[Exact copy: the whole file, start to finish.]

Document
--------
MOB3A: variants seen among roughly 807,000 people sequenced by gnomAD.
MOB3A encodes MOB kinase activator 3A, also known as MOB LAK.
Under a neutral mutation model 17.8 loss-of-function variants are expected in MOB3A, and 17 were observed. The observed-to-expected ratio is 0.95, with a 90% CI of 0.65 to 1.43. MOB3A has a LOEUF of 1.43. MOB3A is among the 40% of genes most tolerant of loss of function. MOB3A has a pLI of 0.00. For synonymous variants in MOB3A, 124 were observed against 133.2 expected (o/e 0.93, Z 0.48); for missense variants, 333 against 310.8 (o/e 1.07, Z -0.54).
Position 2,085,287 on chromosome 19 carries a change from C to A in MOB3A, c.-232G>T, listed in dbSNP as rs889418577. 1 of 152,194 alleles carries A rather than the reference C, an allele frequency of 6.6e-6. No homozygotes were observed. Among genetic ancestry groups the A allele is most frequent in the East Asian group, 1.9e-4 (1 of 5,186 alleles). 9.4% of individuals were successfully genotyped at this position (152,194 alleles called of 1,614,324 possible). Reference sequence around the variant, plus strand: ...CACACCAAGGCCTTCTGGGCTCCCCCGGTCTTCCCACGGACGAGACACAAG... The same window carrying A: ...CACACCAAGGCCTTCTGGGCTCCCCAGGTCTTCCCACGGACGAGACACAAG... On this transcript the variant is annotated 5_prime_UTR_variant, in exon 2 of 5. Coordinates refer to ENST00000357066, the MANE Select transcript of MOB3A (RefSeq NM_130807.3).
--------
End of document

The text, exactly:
MOB3A: variants seen among roughly 807,000 people sequenced by gnomAD.
MOB3A encodes MOB kinase activator 3A, also known as MOB LAK.
Under a neutral mutation model 17.8 loss-of-function variants are expected in MOB3A, and 17 were observed. The observed-to-expected ratio is 0.95, with a 90% CI of 0.65 to 1.43. MOB3A has a LOEUF of 1.43. MOB3A is among the 40% of genes most tolerant of loss of function. MOB3A has a pLI of 0.00. For synonymous variants in MOB3A, 124 were observed against 133.2 expected (o/e 0.93, Z 0.48); for missense variants, 333 against 310.8 (o/e 1.07, Z -0.54).
Position 2,085,287 on chromosome 19 carries a change from C to A in MOB3A, c.-232G>T, listed in dbSNP as rs889418577. 1 of 152,194 alleles carries A rather than the reference C, an allele frequency of 6.6e-6. No homozygotes were observed. Among genetic ancestry groups the A allele is most frequent in the East Asian group, 1.9e-4 (1 of 5,186 alleles). 9.4% of individuals were successfully genotyped at this position (152,194 alleles called of 1,614,324 possible). Reference sequence around the variant, plus strand: ...CACACCAAGGCCTTCTGGGCTCCCCCGGTCTTCCCACGGACGAGACACAAG... The same window carrying A: ...CACACCAAGGCCTTCTGGGCTCCCCAGGTCTTCCCACGGACGAGACACAAG... On this transcript the variant is annotated 5_prime_UTR_variant, in exon 2 of 5. Coordinates refer to ENST00000357066, the MANE Select transcript of MOB3A (RefSeq NM_130807.3).